The owner on the other hand smacks of the substitute teacher. They’re part-timers. They’re uncertain about the commands, the mechanics, the timing, the sharing of consequences etc. And of course, all this uncertainty and lack of confidence is super apparent to the dog. And so he or she naturally takes advantage of what can be taken advantage of, offering far less than their best work or their best selves.

It’s the substitute teacher syndrome.

So if you’re looking to get your dog and your relationship back into a great space, you gotta get out of the substitute teacher zone. You’ve gotta become the real deal. The experienced, certain, confident teacher/leader that naturally – by way of what you’ve earned, learned and cultivated – causes your dog to behave differently. There are no shortcuts to this. Just ask the substitute teacher. You only get the awesome classroom (and the awesome dog) by putting in the continuous hard work to become the awesome leader, the certain leader, the confident leader, the believable leader.

Lots of practice and hard work is the only gateway to this promised land.


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  1. It’s true. I taught tough, tough gang kids for years. My classroom was productive, fun, and peaceful and yet, these same peaceful, productive students tried (and sort of succeeded) to set fire to a substitute teacher one morning. A look of mine could stop a giggle but her yelling just egged them on. My first dog trainer lamented that I couldn’t bring the same confidence to training my dog.I was the substitute teacher. Oddly enough I couldn’t, until your videos. Watching you. Watching you some times have to work harder than others helped me learn how to carry myself. Walking like “George Jefferson” gave me a bearing that my dog, Buddie, and I could work from. Now, my dog watches me for that same “look” that my students did, and wait for the same encouraging praise.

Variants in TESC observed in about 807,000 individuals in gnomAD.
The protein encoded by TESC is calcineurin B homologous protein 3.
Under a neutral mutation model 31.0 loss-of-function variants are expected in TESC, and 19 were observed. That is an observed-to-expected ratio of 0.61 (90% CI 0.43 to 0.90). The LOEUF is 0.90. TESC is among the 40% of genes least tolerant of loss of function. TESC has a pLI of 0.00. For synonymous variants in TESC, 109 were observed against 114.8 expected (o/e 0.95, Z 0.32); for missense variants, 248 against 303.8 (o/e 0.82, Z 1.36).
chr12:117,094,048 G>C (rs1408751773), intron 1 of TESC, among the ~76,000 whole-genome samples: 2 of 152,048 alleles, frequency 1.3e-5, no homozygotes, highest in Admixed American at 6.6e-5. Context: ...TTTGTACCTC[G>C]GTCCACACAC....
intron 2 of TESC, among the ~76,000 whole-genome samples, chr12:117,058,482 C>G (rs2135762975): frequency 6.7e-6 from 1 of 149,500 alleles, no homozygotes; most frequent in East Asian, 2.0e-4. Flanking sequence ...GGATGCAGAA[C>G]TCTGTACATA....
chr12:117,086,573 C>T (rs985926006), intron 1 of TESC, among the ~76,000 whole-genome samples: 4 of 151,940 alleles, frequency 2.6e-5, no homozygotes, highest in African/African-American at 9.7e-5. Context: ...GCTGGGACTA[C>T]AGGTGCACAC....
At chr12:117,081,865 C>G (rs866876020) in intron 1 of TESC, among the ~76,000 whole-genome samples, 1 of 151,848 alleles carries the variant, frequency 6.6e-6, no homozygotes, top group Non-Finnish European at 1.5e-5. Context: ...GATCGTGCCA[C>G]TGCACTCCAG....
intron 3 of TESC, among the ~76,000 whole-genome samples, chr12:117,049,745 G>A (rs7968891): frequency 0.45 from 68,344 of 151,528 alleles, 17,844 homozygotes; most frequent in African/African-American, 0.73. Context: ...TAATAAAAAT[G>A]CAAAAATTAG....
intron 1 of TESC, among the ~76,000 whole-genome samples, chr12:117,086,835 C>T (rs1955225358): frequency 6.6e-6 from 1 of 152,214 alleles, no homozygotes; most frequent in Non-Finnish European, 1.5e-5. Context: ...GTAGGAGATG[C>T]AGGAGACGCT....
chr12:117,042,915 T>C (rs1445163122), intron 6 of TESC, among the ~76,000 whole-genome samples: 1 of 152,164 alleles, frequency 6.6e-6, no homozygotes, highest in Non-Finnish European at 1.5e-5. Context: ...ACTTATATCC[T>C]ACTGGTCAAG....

• Thanks for sharing that Beth! And I’m so glad our videos (and the George Jefferson!) were helpful! Proud of you. 🙂

  2. My school-room days are very far behind me, but I do remember how we used to treat substitute teachers. I felt sorry for most of them; but that didn’t make much difference. Fast forward 40 or 50 years and I see the need for consistent leadership for my younger dog. (The older one is a senior sweetie who knows and follows the rules.)

  3. Elisha said:

    We love your blogs. We have our balanced dog training business in Paraguay (originally from AZ). We really enjoy reading your blogs and they help us with understanding issues we experience when training a dog or training the human (much harder than the dog). In Paraguay the cultural is very different than the mindset in America when it comes to work ethic. A good amount of our clients have maids, or houseworkers that the client passes off the responsibility too. This is a HUGE issue. Basically it’s a substitute for the substitute…. Ah! Reading this will help me with how we word the importance of dedication, and hard worker for the success of the dog. The cultural norm is something we are really trying to overcome. It not only can create issues for the dog’s success but also for us as trainers so we can become better at what we do.